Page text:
Pubols’ family saga wins 2009 Clements Book Prize

Louise PubolsLouise Pubols (right), chief curator of history at the Oakland Museum of California, has won SMU’s William P. Clements Book Prize for the best nonfiction book on the Southwest published in 2009. Pubols’ winning entry is The Father of All: The De La Guerra Family, Power, and Patriarchy in Mexican California, published by the University of California Press and the Huntington Library.

Pubols’ work explores the history of the de la Guerras of Santa Barbara, a powerful California family that adapted to economic and political upheavals that included the U.S.-Mexican War. Pubols traces the de la Guerras’ political, business and family relationships to illustrate how patriarchy functioned from generation to generation in Spanish and Mexican California.

The story of this influential extended family opens vistas onto larger debates about patriarchy, Mexican liberalism, intermarriage, and the economic and social transformations of Mexican California, says Benjamin Johnson, professor in SMU’s William P. Clements Department of History in Dedman College and director of its Clements Center for Southwest Studies.

“Popular understanding and scholarly arguments alike treat the Mexican North – the area that now constitutes the U.S. states of Texas, New Mexico, Arizona and California – as sleepy backwaters in comparison to the dynamic young United States. Pubols’ close study of politics and society in Mexican California really demolishes this view,” Johnson says. “She shows how Mexican liberalism, unleashed by that young nation’s independence, transformed California’s economy, family life and politics. Mexican California’s elites were adaptive and clever.”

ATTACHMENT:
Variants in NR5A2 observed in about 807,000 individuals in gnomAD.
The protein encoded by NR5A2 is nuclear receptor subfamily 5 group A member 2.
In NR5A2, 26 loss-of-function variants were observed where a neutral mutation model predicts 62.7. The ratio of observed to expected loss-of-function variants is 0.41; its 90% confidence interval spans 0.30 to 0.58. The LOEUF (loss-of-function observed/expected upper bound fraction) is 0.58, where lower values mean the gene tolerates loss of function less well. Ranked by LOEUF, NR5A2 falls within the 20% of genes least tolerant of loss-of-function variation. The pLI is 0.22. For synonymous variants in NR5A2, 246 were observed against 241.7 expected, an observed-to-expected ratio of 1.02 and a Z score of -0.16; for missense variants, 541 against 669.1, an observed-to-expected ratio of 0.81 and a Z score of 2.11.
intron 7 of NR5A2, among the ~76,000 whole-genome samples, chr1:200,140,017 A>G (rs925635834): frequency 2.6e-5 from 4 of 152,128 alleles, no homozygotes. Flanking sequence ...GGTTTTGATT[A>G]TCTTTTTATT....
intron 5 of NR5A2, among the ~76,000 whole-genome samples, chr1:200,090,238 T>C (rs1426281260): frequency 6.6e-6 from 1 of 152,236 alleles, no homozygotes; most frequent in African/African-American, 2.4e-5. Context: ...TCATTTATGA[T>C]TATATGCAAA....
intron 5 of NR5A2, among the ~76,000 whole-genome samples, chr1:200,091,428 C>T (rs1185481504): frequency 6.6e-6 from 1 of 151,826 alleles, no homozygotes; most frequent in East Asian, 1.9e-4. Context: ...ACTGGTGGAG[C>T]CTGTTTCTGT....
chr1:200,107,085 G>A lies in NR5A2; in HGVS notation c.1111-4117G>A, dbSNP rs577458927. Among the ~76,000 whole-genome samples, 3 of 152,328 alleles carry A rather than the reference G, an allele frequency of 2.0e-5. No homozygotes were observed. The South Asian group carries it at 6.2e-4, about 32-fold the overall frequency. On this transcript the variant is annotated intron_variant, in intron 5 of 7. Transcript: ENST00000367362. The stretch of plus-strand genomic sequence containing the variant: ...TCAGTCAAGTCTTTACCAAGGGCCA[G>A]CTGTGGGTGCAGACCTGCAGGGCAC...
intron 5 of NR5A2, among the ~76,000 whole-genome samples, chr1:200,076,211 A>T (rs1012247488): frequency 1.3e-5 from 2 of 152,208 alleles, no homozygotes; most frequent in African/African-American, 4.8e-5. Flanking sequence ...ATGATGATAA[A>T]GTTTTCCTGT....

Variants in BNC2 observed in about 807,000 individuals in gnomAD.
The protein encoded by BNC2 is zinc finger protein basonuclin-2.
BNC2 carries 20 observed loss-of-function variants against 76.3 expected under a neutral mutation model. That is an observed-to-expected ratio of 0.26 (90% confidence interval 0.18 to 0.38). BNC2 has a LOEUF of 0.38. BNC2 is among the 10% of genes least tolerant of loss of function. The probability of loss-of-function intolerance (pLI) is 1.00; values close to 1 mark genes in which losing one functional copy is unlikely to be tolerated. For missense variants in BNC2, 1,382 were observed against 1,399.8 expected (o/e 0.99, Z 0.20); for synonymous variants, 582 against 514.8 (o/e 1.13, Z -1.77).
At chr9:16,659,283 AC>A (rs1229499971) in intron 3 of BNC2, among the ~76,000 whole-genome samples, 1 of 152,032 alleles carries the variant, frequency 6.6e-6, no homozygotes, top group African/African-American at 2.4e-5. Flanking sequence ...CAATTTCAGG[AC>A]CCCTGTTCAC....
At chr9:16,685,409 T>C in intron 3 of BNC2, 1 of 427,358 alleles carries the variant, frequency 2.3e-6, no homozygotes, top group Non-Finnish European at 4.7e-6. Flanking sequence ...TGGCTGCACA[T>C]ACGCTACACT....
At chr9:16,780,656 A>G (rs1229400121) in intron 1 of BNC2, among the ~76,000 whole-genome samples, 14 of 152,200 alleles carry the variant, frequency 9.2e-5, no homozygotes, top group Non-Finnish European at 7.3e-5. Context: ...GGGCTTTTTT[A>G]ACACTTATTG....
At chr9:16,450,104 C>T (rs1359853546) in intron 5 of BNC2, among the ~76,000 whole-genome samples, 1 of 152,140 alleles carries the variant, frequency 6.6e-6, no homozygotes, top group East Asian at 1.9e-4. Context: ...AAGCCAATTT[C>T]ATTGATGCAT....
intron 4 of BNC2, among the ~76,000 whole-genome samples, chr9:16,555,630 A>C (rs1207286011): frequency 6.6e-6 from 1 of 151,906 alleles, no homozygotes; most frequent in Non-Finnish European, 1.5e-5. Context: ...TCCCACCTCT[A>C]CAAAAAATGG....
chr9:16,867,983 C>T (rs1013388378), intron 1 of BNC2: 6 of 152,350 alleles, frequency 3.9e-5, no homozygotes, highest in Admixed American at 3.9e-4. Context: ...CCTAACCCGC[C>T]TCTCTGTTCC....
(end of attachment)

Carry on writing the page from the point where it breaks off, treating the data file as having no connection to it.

Book cover for 'The Father of All' by Louise PubolsJohnson hails the prize-winning book as “gracefully written and deeply researched.” Perhaps most impressively, “Pubols both draws on and contributes to a generation of historical scholarship on the U.S. West and Latin America alike,” he adds.

The quality and number of Clements Book Prize entries prompted the judges to name two finalists for the second year in a row, Johnson adds. Those honors went to Katherine Benton-Cohen of Georgetown University for Borderline Americans: Racial Division and Labor War in the Arizona Borderlands (Harvard University Press) and Patrick Ettinger of California State University-Sacramento for Imaginary Lines: Border Enforcement and the Origins of Undocumented Immigration, 1882-1930 (University of Texas Press).

Past Clements Book Prize winners have also won awards from the American Historical Association, Organization of American Historians, Western History Association, and Southern Historical Association, as well as the Bancroft Prize awarded by Columbia University.

The deadline for submissions for the 2010 prize is Feb. 5, 2011. For more information, visit the Clements Center website.